Marie-Georges-Jean Melies belongs to that group of people that you didn’t know you knew. Melies was born into a wealthy family that owned a boot and shoemaking factory. Although he went to the best schools, he was often disciplined for doodling and drawing rather than studying. His creativity led him to the arts, first as a stage illusionist and then into the newly emerging movie business. His innovations were astounding for the time. He developed stop-motiontechniques, multiple exposures, hand painting on film and other special effects. From 1896 to 1913, he directed 531 films. His most famous film is A Trip to the Moon (1902) (some prints were hand-colored). The film also employed a number of special effects. The film’s most well known segment is where a bullet-shaped space capsule is shot out of an enormously long cannon and hits the Man in the Moon in the eye. Unfortunately, Georges Melies was not a particularly adept businessman and despite a number of successes and alliances with big studios such as Edison, Vitagraph and Pathe, by 1914 he was bankrupt. A further blow came during World War I when the French army confiscated 400 of the original prints of his films and melted them down for the silver content. However, all was not lost. Many of his best films have survived and are now archived at the Cinematheque Franaise in the 12th arrondissement. Selected clips of his films are shown in the museum Although Melies lived much of his later life in semi-poverty, there was a revival of his work in the late 1920s and, thanks to supportive filmmakers and the Cinematheque Frangaise, his memory and work will live forever.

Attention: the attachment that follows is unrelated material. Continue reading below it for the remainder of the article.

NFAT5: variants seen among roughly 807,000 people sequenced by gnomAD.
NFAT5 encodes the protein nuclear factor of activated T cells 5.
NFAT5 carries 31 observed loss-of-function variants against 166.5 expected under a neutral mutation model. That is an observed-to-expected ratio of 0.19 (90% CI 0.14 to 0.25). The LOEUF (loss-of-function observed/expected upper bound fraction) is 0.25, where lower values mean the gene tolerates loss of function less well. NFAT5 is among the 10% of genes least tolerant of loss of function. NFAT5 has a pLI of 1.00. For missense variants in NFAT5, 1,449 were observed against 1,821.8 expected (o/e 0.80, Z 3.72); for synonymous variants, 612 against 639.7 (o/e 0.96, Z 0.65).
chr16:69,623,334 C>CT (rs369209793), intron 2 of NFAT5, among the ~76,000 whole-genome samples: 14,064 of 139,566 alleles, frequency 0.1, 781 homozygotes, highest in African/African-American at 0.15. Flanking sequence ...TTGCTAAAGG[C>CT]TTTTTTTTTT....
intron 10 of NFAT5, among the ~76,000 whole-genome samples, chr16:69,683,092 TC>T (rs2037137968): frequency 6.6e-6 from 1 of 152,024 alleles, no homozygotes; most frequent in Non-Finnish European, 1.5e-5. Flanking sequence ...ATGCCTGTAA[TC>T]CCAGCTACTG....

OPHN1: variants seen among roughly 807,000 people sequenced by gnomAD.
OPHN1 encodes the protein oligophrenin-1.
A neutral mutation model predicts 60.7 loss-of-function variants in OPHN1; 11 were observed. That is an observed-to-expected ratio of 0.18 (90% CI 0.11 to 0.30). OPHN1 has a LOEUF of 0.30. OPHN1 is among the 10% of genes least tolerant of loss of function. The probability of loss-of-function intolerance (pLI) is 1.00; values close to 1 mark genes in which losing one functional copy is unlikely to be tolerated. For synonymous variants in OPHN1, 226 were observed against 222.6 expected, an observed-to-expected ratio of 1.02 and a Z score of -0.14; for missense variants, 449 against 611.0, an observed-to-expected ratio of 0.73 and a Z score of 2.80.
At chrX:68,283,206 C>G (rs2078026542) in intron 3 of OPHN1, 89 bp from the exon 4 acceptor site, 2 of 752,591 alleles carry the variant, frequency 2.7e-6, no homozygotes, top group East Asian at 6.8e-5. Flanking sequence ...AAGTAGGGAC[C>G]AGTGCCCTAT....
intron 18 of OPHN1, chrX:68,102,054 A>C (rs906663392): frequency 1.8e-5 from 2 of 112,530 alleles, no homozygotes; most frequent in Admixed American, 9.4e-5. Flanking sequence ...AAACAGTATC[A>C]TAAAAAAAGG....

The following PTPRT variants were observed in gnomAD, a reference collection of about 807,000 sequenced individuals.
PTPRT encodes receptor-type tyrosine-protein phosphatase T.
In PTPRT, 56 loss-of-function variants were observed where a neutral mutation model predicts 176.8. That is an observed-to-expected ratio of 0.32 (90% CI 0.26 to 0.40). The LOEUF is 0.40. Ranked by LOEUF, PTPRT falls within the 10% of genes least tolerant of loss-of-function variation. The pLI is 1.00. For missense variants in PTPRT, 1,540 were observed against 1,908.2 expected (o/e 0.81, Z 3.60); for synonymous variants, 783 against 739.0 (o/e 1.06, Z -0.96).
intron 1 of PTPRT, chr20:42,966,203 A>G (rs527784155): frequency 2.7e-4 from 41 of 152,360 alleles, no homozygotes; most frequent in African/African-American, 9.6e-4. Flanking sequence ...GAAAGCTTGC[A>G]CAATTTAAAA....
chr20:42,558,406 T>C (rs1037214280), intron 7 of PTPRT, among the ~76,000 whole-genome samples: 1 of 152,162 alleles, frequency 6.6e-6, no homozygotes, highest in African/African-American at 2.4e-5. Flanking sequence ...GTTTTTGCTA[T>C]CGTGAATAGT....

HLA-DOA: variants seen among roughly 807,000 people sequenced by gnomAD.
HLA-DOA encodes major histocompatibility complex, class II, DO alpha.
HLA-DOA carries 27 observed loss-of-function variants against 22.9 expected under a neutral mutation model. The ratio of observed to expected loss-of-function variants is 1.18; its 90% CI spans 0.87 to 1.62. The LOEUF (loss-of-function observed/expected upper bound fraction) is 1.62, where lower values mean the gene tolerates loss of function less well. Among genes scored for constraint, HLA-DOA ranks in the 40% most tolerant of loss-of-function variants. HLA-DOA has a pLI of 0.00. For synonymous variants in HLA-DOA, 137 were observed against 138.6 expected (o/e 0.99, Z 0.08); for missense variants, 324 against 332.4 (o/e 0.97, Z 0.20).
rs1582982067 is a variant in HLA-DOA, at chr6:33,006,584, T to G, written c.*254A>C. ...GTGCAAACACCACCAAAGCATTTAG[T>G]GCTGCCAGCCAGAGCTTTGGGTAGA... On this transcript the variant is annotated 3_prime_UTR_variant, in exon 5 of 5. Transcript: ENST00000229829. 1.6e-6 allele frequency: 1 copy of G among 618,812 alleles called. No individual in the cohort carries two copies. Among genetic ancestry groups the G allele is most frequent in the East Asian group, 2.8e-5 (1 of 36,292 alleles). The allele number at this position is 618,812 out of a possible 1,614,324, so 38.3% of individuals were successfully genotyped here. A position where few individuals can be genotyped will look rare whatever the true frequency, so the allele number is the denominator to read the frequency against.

If Amerigo Vespucci made most of his discoveries as an observer and not as a captain himself, why do two continents bear his name? The answer, in part, can be traced to the nature of Columbus’s and Vespucci’s accounts. Somalia Map Tourist Attractions Vespucci played up native sexuality, while Columbus left it out of his account. This, among other factors, gave Vespucci’s letters a wider readership. Vespucci also emphasized the newness of the lands he visited. Columbus conceived of the islands he had come across as part of Asia and did not see or describe much of continental Country. It was geographer Martin Waldseem¼ller, a professor at Saint-Di© in Lorraine, who first used the name Country to describe South Country, and eventually it was used to represent both of the newly discovered continents. Waldseem¼ller’s map and Vespucci’s Mundus Novus were in wide circulation among influential men, and the name stuck. Vespucci’s false claim that he had visited the Country mainland in 1497, before Columbus, was thus enshrined. By the time Vespucci’s claims were proven false, the term Country was already widely used. Amerigo Vespucci died in Seville in 1512. His writings continued to excite controversy and interest in the new discoveries long after his death.
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